Fri, 17 Apr 2015 00:00:00 +0100 | Sexually Transmitted Infections
Conclusions

Clinical round-up
Fri, 17 Apr 2015 00:00:00 +0100 | Sexually Transmitted Infections
HPV vaccination As we write, the Food and Drug Administration (USA) has approved the use of the 9-valent human papilloma virus (HPV) vaccine. Questions remain, however, about who to vaccinate. Should we be vaccinating boys/men, and how old is too old to be vaccinated? Skinner et al1 go some way to answering the second question with their interim analysis. The VIVIANE study is a multicentre double-blinded randomised controlled trial looking at the efficacy of the bivalent HPV 16/18 vaccine in women >25 years. (The PATRICIA study previously looked at this vaccine in women <25 years).2 In total, 15% of women included in the trial had prior exposure to HPV, and primary endpoints were persistent HPV 16/18 infection at 6 months or CIN1 or greater associated with these subtyp...

HPV positive oropharyngeal cancer and treatment deintensification: How pertinent is it?
Thu, 16 Apr 2015 00:00:00 +0100 | Journal of Cancer Research and Therapeutics
Sarbani Ghosh Laskar, Monali SwainJournal of Cancer Research and Therapeutics 2015 11(1):6-9In recent years there has been change in trends in the incidence of head and neck squamous cell carcinoma (HNSCC) with oropharyngeal carcinoma (OPC) showing an increased incidence, attributable specifically to infection by human papillomavirus (HPV). At the same time there is change in demographic characteristics and prognosis of this subset of HNSCC. Considering the better prognosis, researchers are trying to reduce the acute and long-term toxicities by alteration of various components of treatment protocols. Although treatment deintensification is an option for this group of patients, there is no standard protocol available and should be tried only in the protocol setting. (Source: Journal of Canc...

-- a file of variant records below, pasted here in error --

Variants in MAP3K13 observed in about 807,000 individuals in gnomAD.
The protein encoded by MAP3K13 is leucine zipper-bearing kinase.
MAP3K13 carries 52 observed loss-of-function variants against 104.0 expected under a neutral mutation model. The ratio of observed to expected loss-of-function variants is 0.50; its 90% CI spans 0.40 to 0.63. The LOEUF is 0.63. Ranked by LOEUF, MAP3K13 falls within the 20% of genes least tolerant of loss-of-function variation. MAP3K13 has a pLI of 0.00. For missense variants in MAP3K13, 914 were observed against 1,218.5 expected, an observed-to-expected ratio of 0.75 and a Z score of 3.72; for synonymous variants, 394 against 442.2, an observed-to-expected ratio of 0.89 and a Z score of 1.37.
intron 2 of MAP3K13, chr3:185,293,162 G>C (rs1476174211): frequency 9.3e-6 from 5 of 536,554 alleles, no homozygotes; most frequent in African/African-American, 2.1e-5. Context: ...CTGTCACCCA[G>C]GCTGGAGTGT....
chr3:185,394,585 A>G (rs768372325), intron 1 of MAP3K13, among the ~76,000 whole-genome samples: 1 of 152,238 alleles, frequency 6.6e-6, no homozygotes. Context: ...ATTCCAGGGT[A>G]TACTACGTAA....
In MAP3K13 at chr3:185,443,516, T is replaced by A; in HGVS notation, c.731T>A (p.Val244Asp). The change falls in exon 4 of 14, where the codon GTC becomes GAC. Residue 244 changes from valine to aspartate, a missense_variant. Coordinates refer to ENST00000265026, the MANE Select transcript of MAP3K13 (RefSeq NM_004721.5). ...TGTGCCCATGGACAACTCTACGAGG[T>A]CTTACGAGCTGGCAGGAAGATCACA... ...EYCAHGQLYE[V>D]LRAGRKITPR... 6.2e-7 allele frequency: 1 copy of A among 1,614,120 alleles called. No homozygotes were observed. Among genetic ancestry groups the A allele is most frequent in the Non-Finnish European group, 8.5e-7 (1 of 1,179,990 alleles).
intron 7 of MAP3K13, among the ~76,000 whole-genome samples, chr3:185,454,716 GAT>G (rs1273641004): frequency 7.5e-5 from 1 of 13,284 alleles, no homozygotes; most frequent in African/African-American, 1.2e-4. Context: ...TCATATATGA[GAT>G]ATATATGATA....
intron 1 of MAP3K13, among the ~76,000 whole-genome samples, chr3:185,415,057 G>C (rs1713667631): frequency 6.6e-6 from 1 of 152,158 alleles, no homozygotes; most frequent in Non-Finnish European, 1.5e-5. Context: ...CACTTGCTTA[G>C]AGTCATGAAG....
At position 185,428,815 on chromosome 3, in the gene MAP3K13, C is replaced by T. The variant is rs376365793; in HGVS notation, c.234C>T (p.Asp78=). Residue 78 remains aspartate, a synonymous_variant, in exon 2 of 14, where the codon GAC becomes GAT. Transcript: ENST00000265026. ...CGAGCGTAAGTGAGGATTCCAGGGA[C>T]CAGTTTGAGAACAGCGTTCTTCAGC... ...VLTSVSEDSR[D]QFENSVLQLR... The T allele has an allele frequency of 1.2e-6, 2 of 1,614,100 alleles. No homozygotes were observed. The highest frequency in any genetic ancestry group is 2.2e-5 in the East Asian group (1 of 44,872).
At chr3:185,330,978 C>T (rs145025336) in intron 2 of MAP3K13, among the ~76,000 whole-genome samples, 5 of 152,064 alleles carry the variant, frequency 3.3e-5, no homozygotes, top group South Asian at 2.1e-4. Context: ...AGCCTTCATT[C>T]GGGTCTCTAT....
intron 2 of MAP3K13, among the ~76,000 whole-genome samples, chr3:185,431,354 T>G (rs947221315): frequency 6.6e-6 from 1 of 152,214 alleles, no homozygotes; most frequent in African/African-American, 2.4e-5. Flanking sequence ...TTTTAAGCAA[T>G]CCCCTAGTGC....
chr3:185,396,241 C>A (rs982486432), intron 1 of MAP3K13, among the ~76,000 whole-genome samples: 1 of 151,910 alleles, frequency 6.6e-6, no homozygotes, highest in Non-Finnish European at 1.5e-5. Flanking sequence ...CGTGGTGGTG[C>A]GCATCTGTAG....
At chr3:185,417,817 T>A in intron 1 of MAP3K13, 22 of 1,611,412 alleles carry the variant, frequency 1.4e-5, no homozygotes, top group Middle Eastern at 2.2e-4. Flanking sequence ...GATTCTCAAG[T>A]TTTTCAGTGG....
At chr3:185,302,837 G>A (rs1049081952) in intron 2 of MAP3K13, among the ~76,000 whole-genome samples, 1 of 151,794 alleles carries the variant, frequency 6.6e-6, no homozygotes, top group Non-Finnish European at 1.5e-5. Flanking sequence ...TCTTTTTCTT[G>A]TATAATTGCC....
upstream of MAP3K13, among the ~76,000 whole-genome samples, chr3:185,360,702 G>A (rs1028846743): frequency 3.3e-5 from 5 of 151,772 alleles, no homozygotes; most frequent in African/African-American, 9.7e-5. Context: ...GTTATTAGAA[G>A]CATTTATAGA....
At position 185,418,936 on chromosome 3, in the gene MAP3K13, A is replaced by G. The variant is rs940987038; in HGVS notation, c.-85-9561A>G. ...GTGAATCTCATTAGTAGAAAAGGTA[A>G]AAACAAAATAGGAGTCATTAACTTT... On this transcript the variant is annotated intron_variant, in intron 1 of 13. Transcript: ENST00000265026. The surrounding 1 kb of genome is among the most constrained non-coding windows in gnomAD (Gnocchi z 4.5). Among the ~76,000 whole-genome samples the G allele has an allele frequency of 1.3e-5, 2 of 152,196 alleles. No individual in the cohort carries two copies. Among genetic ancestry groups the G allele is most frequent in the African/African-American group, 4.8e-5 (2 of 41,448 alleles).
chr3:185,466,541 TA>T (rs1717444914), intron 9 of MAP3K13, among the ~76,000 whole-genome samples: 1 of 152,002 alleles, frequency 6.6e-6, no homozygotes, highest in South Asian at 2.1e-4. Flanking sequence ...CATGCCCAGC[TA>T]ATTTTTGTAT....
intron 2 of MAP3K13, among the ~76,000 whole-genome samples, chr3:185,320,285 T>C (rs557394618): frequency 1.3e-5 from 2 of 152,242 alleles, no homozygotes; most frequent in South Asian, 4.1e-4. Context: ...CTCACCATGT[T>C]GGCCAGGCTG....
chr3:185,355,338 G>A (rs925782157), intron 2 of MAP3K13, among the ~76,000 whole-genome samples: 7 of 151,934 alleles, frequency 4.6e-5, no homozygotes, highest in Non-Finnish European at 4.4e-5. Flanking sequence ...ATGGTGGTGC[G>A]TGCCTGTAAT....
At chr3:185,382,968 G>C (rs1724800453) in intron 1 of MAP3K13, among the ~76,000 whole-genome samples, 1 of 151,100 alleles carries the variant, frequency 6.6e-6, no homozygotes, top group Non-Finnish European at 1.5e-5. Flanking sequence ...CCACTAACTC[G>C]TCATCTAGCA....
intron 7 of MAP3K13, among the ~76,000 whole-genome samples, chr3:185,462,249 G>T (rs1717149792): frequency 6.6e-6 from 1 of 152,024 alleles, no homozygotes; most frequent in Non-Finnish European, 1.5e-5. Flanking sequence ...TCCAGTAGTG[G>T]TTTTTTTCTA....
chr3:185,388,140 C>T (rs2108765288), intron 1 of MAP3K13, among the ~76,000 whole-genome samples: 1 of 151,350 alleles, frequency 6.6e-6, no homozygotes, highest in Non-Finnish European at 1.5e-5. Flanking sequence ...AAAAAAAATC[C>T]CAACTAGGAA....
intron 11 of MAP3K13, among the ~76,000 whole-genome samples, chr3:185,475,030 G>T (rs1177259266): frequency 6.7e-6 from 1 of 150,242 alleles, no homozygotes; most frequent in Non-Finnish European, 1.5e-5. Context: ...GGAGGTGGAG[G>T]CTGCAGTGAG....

Tumor classification of human papilloma virus-related oropharyngeal squamous cell carcinomas is inconsistent
Thu, 16 Apr 2015 00:00:00 +0100 | Oral Oncology
Human papilloma virus (HPV) is established as the main cause of malignancy in the oropharynx [1,2]. Compared to HPV-negative carcinomas, HPV-positive oropharyngeal squamous cell carcinomas (OPSCCs) show different molecular, histopathologic, and clinical features, in addition to better treatment response and improved survival [2,3]. Tumor grading (i.e. tumor differentiation or classification) is important in tumor understanding. Conflicting opinions exist on how HPV-positive OPSCCs should be graded: The WHO classification from 2005 states that these tumors compose a distinct pathological entity with basaloid morphology, but does not clarify a grading scheme [4]. (Source: Oral Oncology)